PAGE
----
Fig. 2
figure2

Transmit power versus number of iterations

To demonstrate the effectiveness of our proposed algorithm in term of QoS protection of both FUs and MUs, we also give the comparison of performance between the proposed RPA algorithm and traditional non-robust PA algorithm [5].

Figure 3 shows comparison between our RPA algorithm and non-robust PA algorithm in terms of SINR. It is obvious that the SINR of each FU under our proposed algorithm exceeds the minimum SINR value with considering the estimation errors, whereas the non-robust PA algorithm cannot guarantee SINR requirements of all FUs, which will lead to a communication outage. Due to the effects of channel fading and feedback delays, FUs cannot respond in time by using traditional PA algorithm so that the QoS of each FU is hard to guarantee. Moreover, it indicates that RPA algorithm can always ensure the normal communication of FUs. Therefore, the robustness of our proposed RPA algorithm is better than the traditional PA algorithm without consideration of channel uncertainties.

Fig. 3
figure3

Comparison of SINR received at FBS between robust and non-robust algorithm

Figure 4 gives comparison of the interference power received at MBS between our proposed robust algorithm and the non-robust algorithm. As shown in Fig. 4, the interference power introduced to the MBS with considering channel uncertainties is always under the interference power threshold, whereas the actual received interference power at MBS under non-robust PA algorithm exceeds the tolerable region. It can be explained that the MUs may experience severe performance degradation. Therefore, QoS of MUs are not guaranteed without the consideration of estimation errors and an outage event happens.

Fig. 4
figure4

Comparison of the interference power received at MU-Rx between robust and non-robust algorithm

Figure 5 provides comparison of total energy consumption under our proposed RPA algorithm and traditional non-robust PA algorithm. From Fig. 5, the total power consumption of FUs in both non-robust algorithm and RPA algorithm increase with the increasing number of iteration and converge to a stable value; however, the total transmit power of RPA algorithm is higher than that of non-robust PA algorithm. From Figs. 3, 4, and 5, we can get a conclusion that our RPA algorithm can well protect the QoS of MUs at the expense of energy consumption.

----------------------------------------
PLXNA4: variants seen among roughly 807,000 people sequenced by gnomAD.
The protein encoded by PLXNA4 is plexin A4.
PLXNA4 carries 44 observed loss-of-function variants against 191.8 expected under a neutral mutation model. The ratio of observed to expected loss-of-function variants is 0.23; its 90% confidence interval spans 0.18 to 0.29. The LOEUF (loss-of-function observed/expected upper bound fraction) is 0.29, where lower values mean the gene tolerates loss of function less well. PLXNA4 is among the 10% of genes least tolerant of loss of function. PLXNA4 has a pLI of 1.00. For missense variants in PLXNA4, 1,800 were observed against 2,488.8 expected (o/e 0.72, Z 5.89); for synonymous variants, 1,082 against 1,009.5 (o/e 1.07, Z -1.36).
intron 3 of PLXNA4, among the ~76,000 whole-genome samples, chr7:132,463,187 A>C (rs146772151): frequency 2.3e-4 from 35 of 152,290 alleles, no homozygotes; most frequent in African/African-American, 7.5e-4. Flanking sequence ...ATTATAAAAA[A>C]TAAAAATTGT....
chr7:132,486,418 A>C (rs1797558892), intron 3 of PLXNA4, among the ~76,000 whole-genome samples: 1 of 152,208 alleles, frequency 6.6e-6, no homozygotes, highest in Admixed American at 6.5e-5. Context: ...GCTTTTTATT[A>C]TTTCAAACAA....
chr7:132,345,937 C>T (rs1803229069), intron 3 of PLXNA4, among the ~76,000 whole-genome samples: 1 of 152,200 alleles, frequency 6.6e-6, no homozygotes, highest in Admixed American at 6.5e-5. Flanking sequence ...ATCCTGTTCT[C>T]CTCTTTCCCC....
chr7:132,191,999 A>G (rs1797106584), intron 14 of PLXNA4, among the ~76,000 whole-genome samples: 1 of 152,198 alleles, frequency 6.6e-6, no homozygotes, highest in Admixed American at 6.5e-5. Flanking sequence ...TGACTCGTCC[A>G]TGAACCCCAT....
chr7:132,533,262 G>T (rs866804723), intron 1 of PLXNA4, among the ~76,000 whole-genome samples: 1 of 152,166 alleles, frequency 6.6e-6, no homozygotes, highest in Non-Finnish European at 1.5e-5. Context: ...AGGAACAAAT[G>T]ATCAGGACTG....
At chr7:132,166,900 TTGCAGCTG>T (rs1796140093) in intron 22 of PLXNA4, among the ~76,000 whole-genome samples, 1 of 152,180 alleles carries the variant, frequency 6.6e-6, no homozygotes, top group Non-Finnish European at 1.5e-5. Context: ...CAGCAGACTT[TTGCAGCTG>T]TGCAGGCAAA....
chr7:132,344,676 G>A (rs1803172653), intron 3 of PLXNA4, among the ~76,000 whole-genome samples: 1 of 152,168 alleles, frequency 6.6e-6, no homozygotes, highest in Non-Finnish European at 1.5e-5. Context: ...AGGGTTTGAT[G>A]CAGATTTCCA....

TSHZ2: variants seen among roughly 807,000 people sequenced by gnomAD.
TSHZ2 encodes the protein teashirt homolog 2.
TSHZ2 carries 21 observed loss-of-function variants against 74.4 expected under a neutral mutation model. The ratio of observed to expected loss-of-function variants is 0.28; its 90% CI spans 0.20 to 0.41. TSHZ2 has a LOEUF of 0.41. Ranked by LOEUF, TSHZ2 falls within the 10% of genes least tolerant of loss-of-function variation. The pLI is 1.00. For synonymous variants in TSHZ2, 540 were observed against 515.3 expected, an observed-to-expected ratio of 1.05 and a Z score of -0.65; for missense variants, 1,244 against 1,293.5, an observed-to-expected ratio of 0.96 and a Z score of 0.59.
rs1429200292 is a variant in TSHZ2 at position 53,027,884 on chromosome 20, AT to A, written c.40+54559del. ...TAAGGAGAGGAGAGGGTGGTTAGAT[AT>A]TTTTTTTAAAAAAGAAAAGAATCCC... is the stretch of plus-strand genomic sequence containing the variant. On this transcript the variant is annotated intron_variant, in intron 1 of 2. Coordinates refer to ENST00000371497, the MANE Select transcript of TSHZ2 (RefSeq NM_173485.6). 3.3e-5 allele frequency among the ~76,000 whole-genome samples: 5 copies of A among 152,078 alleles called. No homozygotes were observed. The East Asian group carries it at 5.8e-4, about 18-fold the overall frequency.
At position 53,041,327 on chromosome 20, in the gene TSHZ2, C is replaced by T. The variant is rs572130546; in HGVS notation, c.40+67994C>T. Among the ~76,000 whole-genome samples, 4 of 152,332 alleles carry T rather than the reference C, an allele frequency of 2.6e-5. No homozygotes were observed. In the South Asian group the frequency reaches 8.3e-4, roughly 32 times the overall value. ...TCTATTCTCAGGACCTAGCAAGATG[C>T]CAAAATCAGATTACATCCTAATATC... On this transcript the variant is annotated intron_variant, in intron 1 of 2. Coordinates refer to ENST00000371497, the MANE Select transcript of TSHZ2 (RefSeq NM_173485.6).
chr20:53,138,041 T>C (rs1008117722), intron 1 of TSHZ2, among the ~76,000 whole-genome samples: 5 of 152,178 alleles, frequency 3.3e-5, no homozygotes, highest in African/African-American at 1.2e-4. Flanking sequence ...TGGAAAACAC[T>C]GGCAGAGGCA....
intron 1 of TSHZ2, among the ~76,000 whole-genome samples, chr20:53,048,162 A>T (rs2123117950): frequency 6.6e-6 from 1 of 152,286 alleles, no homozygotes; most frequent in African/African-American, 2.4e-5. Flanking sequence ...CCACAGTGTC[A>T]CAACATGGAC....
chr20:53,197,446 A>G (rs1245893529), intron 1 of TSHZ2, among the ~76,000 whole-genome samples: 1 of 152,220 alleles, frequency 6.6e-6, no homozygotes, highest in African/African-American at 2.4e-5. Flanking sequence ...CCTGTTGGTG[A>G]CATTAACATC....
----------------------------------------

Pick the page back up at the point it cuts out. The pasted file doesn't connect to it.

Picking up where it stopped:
Fig. 5
figure5

Comparison of total power consumption between robust and non-robust PA method

Considering imperfection of actual CSI, in order to demonstrate the superiority of our proposed RPA algorithm under different channel uncertainty (i.e., δi,εi,ωi) clearly, we give the satisfaction probability of MU-Rx and SINR performance of FUs in Figs. 6, 7, and 8.

Fig. 6
figure6

Outage probability at MU-Rx between robust and non-robust algorithm under different interference perturbation δi

Fig. 7
figure7

Comparison of SINR between robust and non-robust algorithm under different channel perturbation ε and ω

Fig. 8
figure8

SINR comparison of robust and non-robust algorithm under time-varying channel uncertainty

Figure 6 shows that the satisfaction probability of MU-Rx using two different algorithms can be presented subject to different channel estimation errors \(\Delta G_{i}^{k}\). It is clear that the satisfaction probability of MU-Rx under the non-robust PA algorithm is rapidly declining as the increasing interference channel uncertainty δi. Whereas the system with our RPA algorithm can cope with this problem. This is because the RPA algorithm is adaptive that can adjust \(p_{i}^{k}\) according to channel perturbation δi. In addition, bigger interference threshold Ith of MU-Rx can increase the feasible region of transmit power \(p_{i}^{k}\) and then decrease the outage probability of MU-Rx. While satisfaction probability of MU using non-robust PA algorithm is lower than that of MU using our RPA algorithm, in other words, non-robust PA algorithm can increase the outage probability of MUs. Hence, it enables the proposed RPA algorithm to protect the normal communication of MUs.

Figure 7 shows the actual SINR received at FU-Rx under inter-tier and cross-tier channel uncertainties (i.e., εi and ωi) by two algorithms. The bound of the interference perturbation is δi=0.0001. As can be seen from Fig. 7, the received SINR of FU-Rx decreases with the increase of inter-tier channel perturbation εi and cross-tier channel perturbation ωi by our RPA algorithm and non-robust PA algorithm. The reason is that optimal power reduction leads to the decrease of received SINR. Additionally, it is obvious that the received SINR in [5] is lower than the received SINR by using our proposed algorithm. And when εi>0.045, the received SINR in [5] cannot meet the minimum SINR requirement. What is more, received SINR of FU-Rx declines with cross-tier channel uncertainties ωi increase. That is due to traditional non-robust PA algorithm ignores channel estimation errors, and \(p_{i}^{k}\) cannot be adjusted in time under time-varying channel uncertainty.